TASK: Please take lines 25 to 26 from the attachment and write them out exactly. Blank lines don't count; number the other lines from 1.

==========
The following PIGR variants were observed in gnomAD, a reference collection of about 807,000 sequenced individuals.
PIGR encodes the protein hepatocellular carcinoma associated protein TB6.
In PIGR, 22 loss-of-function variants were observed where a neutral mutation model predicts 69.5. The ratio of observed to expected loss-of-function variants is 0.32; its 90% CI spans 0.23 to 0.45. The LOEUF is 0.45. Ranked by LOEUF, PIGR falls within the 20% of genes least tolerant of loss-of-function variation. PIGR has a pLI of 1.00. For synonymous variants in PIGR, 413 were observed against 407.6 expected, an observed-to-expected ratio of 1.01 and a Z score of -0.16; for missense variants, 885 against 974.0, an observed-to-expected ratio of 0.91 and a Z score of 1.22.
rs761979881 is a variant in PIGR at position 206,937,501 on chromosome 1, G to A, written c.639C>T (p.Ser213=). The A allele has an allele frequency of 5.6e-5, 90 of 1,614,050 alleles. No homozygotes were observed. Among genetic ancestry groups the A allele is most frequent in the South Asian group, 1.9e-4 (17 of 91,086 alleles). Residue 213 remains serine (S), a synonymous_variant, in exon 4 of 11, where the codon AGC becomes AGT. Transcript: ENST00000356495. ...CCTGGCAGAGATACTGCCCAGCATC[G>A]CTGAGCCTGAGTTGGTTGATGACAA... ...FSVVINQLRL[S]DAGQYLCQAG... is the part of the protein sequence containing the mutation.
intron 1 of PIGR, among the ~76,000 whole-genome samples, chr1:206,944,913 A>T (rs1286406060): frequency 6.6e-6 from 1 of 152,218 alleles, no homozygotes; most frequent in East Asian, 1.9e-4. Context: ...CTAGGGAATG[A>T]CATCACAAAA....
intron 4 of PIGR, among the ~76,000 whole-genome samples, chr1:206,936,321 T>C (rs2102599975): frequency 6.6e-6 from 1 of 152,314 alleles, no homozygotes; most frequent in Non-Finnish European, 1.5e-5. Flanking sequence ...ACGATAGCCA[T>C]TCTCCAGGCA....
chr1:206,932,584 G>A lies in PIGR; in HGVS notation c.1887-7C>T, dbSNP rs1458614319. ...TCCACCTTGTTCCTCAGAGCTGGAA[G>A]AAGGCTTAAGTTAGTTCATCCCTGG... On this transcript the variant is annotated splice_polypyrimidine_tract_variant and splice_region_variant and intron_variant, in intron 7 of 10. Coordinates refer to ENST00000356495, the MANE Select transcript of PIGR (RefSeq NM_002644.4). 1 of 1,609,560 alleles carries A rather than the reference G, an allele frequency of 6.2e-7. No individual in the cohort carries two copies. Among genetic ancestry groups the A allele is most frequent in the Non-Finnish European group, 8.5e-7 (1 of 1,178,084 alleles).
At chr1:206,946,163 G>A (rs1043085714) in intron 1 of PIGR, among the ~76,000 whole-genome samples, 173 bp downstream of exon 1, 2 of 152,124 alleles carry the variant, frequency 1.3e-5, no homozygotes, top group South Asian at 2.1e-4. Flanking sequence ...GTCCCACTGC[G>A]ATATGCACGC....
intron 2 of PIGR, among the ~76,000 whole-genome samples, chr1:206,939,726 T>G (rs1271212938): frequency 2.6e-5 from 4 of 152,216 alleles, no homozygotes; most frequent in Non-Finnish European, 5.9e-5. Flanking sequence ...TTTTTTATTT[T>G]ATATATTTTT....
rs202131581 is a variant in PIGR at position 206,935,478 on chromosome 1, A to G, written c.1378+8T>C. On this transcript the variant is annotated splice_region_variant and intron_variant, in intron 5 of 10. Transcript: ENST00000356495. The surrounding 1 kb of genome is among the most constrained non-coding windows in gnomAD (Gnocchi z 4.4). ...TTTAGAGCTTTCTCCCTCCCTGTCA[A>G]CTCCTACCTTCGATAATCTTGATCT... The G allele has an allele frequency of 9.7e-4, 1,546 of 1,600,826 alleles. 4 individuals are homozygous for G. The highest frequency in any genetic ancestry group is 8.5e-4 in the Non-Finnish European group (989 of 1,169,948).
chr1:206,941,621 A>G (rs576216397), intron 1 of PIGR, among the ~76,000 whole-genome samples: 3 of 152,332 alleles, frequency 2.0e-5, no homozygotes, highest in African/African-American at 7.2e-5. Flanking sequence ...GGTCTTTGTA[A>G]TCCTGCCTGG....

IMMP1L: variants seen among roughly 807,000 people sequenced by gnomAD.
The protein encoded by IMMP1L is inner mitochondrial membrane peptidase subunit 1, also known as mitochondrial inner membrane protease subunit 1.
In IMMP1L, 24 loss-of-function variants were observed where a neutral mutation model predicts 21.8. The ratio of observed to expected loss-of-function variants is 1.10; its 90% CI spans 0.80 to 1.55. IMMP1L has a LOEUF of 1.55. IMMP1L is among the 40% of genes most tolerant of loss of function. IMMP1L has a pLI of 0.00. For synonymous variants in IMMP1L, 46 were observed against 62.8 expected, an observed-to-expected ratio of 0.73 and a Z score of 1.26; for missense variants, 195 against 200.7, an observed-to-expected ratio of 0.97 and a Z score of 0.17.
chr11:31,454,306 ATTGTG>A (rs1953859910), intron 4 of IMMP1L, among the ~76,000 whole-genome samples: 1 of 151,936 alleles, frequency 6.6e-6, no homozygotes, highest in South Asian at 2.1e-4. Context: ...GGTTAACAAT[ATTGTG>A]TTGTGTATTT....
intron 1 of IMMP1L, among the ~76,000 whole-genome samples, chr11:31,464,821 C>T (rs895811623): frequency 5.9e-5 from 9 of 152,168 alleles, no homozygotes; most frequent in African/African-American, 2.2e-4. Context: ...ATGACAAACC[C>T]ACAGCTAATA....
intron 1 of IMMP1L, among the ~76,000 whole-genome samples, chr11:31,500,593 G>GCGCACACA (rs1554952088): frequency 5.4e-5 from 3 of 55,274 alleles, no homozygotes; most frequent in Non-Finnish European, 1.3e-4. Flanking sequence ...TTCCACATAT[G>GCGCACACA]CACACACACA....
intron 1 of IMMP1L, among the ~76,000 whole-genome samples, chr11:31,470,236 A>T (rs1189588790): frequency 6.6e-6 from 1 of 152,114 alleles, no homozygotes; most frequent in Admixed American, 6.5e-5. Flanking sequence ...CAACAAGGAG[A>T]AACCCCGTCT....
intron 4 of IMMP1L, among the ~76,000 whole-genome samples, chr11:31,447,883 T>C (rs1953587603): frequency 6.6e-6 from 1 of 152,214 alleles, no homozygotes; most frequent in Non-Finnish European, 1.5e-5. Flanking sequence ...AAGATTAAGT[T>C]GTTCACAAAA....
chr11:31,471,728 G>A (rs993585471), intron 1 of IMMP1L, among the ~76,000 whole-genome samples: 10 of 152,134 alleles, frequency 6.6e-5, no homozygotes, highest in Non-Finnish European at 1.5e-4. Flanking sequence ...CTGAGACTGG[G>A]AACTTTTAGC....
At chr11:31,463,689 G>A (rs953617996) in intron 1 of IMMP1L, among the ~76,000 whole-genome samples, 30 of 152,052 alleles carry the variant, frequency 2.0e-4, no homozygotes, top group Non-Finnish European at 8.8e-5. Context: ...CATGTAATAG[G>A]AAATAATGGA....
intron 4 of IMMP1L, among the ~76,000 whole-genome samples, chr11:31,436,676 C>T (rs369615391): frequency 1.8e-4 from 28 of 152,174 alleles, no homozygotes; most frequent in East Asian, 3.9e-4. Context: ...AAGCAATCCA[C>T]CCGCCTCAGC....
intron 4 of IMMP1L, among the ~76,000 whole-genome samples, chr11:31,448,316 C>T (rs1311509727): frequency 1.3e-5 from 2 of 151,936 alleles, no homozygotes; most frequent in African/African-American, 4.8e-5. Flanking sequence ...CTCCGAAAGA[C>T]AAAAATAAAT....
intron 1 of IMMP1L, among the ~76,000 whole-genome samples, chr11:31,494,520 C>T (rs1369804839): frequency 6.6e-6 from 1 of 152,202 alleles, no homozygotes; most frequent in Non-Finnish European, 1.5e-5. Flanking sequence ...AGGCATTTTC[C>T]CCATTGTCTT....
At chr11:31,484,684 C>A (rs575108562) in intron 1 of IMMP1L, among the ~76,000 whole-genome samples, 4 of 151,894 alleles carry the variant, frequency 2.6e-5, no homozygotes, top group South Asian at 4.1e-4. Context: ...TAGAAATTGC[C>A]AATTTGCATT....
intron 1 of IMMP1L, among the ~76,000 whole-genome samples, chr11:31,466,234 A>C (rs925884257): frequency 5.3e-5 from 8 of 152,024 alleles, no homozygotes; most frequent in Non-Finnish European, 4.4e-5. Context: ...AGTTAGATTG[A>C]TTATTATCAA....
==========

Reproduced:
At chr11:31,484,684 C>A (rs575108562) in intron 1 of IMMP1L, among the ~76,000 whole-genome samples, 4 of 151,894 alleles carry the variant, frequency 2.6e-5, no homozygotes, top group South Asian at 4.1e-4. Context: ...TAGAAATTGC[C>A]AATTTGCATT....
intron 1 of IMMP1L, among the ~76,000 whole-genome samples, chr11:31,466,234 A>C (rs925884257): frequency 5.3e-5 from 8 of 152,024 alleles, no homozygotes; most frequent in Non-Finnish European, 4.4e-5. Context: ...AGTTAGATTG[A>C]TTATTATCAA....